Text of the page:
You can take more risks when you’re younger and have plenty of years to rebuild after a downturn. But remember to rebalance your portfolio every few years as you get older.

Forgetting about savings

Lumos sp/Adobe Couple reviewing paperwork

Investments can be flashy and glamorous and you may think it’s the fancy stuff that makes the ultra-rich so successful.

But you must also remember to stick with one of the most fundamental things about investing: savings. Liquidity is what pays for day-to-day activities.

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Not diversifying their investments

VideoFlow/Adobe Looking up different stocks

The stock market could be a good option for you to invest your money, but it’s not the only option.

Consider making your portfolio more diverse. You may want to include things like real estate, government bonds, seed investments for companies, and other non-stock options.

Incurring consumer debt

Studio Romantic/Adobe Couple meeting with financial advisor

You may think the ultra-rich have money to spend, but even they don’t overspend beyond what they have in the bank.

Debt can eat away at your plans for investing and savings. So while you may want to invest your money in certain places or take some risks, you don’t want to do that at the expense of falling deep into consumer debt.

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Thinking they need a house

Blue Planet Studio/Adobe Couple signing paperwork for a house

Real estate can be a good investment to diversify your portfolio, but it can also be a money pit. And don’t add to your real estate portfolio unless you can afford the additional costs.

Make sure you have enough money to pay at least 20% for a down payment and factor in any potential expenses like maintenance and repairs that could add up and hurt your bottom line if you’re not prepared for them.

Trying to do everything on their own

Lauren Kaylor/peopleimages.com/Adobe Looking at data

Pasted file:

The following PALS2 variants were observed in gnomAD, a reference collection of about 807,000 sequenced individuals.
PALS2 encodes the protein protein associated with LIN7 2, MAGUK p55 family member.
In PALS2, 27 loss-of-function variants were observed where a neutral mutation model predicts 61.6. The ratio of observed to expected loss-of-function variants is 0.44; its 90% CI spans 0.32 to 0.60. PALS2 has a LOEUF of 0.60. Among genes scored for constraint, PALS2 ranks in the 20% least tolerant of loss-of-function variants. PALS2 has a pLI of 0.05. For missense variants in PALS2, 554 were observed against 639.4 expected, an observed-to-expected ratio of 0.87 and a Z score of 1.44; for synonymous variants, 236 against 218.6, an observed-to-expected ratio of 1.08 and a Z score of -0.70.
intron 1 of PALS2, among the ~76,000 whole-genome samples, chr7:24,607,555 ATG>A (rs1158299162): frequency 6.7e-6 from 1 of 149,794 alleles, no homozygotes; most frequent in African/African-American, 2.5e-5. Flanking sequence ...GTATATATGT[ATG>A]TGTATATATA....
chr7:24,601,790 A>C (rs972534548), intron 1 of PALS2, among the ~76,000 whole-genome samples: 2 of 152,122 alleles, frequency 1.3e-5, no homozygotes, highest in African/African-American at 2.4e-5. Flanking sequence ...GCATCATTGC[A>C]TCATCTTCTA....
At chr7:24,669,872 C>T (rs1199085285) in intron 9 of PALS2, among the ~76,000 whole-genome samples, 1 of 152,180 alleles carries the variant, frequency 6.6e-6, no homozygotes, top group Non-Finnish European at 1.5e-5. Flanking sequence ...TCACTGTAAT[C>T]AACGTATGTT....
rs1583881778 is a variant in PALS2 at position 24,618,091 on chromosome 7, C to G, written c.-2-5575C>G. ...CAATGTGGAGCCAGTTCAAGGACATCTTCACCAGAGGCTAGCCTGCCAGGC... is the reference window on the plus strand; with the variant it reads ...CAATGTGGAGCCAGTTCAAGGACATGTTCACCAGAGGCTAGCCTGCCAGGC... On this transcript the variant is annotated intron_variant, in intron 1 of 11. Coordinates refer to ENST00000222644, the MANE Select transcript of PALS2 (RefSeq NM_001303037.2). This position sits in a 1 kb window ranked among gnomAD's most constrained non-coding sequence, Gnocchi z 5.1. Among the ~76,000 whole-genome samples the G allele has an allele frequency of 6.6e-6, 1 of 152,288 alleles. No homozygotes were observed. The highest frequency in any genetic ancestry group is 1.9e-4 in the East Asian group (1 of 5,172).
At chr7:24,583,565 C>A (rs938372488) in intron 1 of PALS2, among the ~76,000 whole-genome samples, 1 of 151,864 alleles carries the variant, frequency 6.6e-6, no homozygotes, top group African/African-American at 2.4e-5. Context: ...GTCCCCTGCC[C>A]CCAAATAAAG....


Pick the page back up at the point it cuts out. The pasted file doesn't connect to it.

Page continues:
You may think the ultra-rich become ultra-rich on their own with their knowledge and investments.

But they’ve cultivated a strong network of other people who may be entrepreneurs or investors that they can work with as they all build their wealth together.

So work on creating a network you can trust and invest with. Perhaps you’re interested in a particular industry or a specific type of business. It may be a good idea to connect with others in that area and see how you can work together to increase your wealth.

Bottom line

Tetiana/Adobe Young business man

You don’t have to be ultra-wealthy to use the tools of those who are rich to save money and invest wisely.

You can take what the ultra-rich do and scale it down to make it work for you. Perhaps you can use it to retire early or save money for a specific goal.

Remember that no matter how much wealth you have or how little you start with, financial fundamentals are still important as you build your portfolio.


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  • Commission-free trading (other fees may apply)
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Join Robinhood here

Author Details

Jenny Cohen

Jenny Cohen is a freelance writer who has covered a bit of everything, from finance to sports to her favorite TV shows. Her work has been featured in The Wall Street Journal, USA Today, and FoxSports.com.